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How To Create A GIF from Video on Ubuntu With QGifer


If you use Tumblr, Google+, Reddit, Twitter… Okay, let me put it another way: if you use the internet then you’ll know that animated GIFs are a staple of social networks.

As GIFs tend to only be a couple of seconds long they get straight to the point (or punchline), require no extra plugins to view them, and work in virtually all web-browsers.

Maybe not Lynx, though.

Whether you’re wanting to share something breathtaking – as with this collection of incredible nature clips – or something downright disturbing – like this batch – the humble animated GIF makes a great, versatile choice.

Article updated in April 2015 with Ubuntu 14.04 LTS + install help

QGifer – Turn Video Clips Into GIFs

Example time.

Let’s say you captured a 5 second  videoclip of your cat being awesome and now you want to share it online. You could upload the video to YouTube, Vimeo or similar and hope people press ‘Play’ when you share it on your favourite social network.

But this is some really seriously awesome kitty action. You want people to see it.

You decide to turn that video into a GIF.

There are a number of ways to turn videos into GIFs on Ubuntu but this guide will focus on using one app in particular: QGifer.

It’s not the only app you can use to do this but, as it’s user-friendly and simple to use, it is perhaps the best one to start with. You’ll find instructions for installing it at the end of this post. But first let’s look at how you use it.

Step One: Choose (& Trim) Your Video


Edit Your Video in PiTiVi

First things first: import your video into Qgifer. QGifer can’t handle videos that have more than 8000 frames.

If your clip is longer than this QGifer will tell you that it can’t load it.

All is not lost.

To create a gif from a video file that’s too long/big for the app to handle you first need to trim it down to a more manageable size using a video editor like PiTiVi.

  • Open PiTiVi (or another video editor) and import your video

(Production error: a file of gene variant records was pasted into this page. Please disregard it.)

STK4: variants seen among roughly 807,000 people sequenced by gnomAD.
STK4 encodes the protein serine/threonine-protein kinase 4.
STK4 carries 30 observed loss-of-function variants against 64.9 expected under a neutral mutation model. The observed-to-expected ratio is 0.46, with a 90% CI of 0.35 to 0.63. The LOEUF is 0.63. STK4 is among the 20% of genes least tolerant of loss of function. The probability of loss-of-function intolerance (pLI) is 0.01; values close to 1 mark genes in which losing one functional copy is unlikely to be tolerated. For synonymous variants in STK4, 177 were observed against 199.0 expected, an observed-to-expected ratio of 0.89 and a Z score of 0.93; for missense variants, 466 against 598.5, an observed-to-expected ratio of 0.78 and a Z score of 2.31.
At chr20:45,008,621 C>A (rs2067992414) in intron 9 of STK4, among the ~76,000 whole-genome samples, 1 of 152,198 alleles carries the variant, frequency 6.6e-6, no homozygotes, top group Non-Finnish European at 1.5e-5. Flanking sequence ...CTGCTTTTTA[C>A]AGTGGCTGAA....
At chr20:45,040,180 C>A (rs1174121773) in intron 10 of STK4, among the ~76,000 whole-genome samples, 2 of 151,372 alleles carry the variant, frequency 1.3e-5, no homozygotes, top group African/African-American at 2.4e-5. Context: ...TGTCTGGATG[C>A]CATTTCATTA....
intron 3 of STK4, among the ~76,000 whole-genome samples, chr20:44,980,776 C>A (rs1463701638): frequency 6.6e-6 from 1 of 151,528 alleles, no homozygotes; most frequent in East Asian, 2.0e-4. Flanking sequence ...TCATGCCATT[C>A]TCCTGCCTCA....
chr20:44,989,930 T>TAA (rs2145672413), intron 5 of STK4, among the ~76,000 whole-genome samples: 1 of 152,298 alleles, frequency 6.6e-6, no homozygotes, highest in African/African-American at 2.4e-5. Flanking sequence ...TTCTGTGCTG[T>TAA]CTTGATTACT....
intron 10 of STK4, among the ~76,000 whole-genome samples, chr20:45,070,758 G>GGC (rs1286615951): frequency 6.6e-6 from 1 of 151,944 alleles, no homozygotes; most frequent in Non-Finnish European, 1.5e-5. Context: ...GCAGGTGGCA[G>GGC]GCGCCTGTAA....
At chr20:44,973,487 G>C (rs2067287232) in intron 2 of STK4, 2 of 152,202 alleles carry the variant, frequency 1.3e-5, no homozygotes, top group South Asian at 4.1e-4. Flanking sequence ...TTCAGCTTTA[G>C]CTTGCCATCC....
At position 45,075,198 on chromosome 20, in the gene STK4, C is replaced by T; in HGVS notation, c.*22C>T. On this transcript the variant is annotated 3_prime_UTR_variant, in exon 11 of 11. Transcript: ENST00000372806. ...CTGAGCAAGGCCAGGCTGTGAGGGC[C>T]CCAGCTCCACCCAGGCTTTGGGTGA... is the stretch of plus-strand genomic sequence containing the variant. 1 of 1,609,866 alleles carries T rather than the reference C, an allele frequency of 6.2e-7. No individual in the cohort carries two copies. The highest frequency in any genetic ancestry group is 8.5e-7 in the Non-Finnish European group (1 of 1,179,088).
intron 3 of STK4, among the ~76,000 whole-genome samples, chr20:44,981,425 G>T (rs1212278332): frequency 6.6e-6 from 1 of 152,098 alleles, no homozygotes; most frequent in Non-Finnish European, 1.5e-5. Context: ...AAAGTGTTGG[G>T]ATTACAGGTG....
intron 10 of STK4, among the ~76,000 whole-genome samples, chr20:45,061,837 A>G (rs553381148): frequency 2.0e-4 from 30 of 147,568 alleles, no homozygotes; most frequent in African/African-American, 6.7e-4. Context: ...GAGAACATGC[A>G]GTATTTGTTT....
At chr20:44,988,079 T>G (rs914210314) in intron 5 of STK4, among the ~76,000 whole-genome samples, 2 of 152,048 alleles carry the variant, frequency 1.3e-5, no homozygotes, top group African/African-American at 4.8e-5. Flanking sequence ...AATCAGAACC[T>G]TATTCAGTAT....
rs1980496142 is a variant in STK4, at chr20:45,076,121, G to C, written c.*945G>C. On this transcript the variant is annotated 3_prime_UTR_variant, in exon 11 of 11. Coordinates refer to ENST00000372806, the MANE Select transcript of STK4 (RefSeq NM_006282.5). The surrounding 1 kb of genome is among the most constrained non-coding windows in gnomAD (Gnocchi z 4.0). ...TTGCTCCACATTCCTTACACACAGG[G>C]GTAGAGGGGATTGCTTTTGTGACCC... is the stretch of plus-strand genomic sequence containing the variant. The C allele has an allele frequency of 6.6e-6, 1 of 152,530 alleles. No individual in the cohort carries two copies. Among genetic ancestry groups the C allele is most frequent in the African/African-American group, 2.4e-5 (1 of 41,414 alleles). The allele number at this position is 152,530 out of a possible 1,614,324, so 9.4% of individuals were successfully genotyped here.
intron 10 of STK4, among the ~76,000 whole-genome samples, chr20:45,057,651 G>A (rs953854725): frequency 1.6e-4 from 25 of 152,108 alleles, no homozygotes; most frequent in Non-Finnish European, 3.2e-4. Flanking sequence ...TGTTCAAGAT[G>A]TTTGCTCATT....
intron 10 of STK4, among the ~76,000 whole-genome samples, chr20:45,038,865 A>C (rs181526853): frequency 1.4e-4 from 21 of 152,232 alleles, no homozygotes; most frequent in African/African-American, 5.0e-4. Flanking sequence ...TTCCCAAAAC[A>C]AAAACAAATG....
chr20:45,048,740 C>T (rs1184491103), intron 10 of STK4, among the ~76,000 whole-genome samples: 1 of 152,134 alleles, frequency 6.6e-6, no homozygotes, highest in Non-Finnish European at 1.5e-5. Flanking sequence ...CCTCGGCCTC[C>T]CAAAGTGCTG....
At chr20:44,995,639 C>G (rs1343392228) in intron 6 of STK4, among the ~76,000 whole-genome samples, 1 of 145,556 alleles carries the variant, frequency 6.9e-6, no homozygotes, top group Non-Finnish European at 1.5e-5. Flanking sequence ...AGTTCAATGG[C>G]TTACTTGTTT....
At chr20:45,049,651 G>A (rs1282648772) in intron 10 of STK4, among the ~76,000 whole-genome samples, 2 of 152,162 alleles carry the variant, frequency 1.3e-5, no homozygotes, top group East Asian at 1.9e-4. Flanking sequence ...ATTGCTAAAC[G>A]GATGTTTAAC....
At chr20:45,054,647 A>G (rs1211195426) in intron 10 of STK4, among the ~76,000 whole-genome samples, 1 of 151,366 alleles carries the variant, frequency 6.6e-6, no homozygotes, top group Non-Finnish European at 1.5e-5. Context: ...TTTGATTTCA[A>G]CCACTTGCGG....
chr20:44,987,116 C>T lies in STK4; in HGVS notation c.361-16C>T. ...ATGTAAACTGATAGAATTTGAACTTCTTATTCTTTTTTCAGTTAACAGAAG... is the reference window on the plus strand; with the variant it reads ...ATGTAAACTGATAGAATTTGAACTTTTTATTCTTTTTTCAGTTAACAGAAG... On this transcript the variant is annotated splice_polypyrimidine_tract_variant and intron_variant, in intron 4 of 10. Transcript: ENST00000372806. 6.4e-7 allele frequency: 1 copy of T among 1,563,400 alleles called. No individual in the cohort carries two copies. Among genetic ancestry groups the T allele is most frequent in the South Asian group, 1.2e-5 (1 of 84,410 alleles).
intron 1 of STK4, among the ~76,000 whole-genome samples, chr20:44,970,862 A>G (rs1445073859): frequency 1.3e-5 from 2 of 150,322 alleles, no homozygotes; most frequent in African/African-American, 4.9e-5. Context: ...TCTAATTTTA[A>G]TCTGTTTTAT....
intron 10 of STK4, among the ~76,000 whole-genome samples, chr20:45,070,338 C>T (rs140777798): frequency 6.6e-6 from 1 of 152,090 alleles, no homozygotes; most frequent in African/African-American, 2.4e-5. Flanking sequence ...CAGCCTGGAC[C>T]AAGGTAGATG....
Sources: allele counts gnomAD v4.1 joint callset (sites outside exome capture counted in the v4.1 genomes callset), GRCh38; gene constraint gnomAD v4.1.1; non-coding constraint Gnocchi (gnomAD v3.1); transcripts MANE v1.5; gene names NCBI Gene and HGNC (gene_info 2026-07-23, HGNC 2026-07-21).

• Cut the bits of the video you don’t need using the ‘Split’ tool
  • Delete the extraneous parts from the timeline
  • Export/Render what’s left

Now import your newly trimmed clip in to QGifer and you should be good to go.

Step Two: Position Start/Stop Markers

With your video open inside the app your next task is to do a little bit of editing.

Set the start point and end point of your clip in one of the following two ways:

  • By dragging the position start and end points under the video scrubber
  • By positioning the scrubber at the start/stop points and pressing the start/stop buttons in the toolbar

To preview your video you can hit the ‘Play’ button in the toolbar.

To view the section of video between the two markers on loop click the ‘Preview Properties’  button in the sidebar and check the ‘Loop from Start to Stop Frame’ box.

Step Three: Add Extras

If you’re creating a GIF from a movie or tv scene then a caption might help it make more sense. Adding text captions or image overlays to a clip easy.

  • Press the ‘Add Caption’ button to add text
  • Press the ‘Add Image’ button to import an image

Text and images can be moved around the work area freely, just click and drag. If you move or resize text/image overlays you will need to set in and out points for overlaid items. If you don’t you’ll be left with images that appear for a split second and blinking captions.

The quickest way to do this is is to right-click on an element and, under Position & Size, select ‘Apply to All Frames‘.


Step Four: Export

You’ve imported your video, set your in and out points and added some fancy graphics. Next step is to export.

Before you hit the render button you should first make sure to set the output size of your GIF to something relatively small.

With only an 8bit palette to work from GIFs won’t benefit from being saved at 720p resolution.

The larger your gif is the longer it will take to render on screen for others to view. The Output Properties > Width & Height section has options for resizing.

My basic advice would be:

  • Press ‘From Current Frame’ to set the correct aspect ratio of your GIF
  • Check the ‘Keep Ratio’ box
  • Resize Width to something around 300-350px.

When you’re done resizing you can hit the the ‘Export’ button in the toolbar (see image at the top of this post). A small window will appear with the progress of your render.

After rendering is complete a preview box will open letting you play back your GIF to make sure it’s what you wanted. If not simply hit cancel and readjust.

But if you’re happy with what you see just hit ‘Save’, enter a filename and choose a location to save it to.

Install QGifer in Ubuntu 12.04 +

Qgifer isn’t available to install from the Ubuntu Software Centre. You will need to add and install from the following third-party PPA:

sudo add-apt-repository ppa:samrog131/ppa

sudo apt-get update && sudo apt-get install qgifer

Once you have run both of the commands above you will be able to launch Qgifer from the Unity Dash (or the app launcher of whatever desktop environment you’re using).

Ubuntu 14.04 LTS + Fixes

If you’re using Ubuntu 14.04 or later you will also need to run the following commands to create symlinks. This is owing to a later version of the OpenCV library being installed.

For 32-bit Ubuntu 14.04 and later:

sudo ln -s /usr/lib/i386-linux-gnu/ /usr/lib/i386-linux-gnu/
sudo ln -s /usr/lib/i386-linux-gnu/ /usr/lib/i386-linux-gnu/

sudo ln -s /usr/lib/i386-linux-gnu/ /usr/lib/i386-linux-gnu/

For 64-bit Ubuntu 14.04 and later:

sudo ln -s /usr/lib/i386-linux-gnu/ /usr/lib/x86_64-linux-gnu/
sudo ln -s /usr/lib/i386-linux-gnu/ /usr/lib/x86_64-linux-gnu/
sudo ln -s /usr/lib/i386-linux-gnu/ /usr/lib/x86_64-linux-gnu/

Updated April 2015 with 14.04 fix — thanks Nemanja Bozovic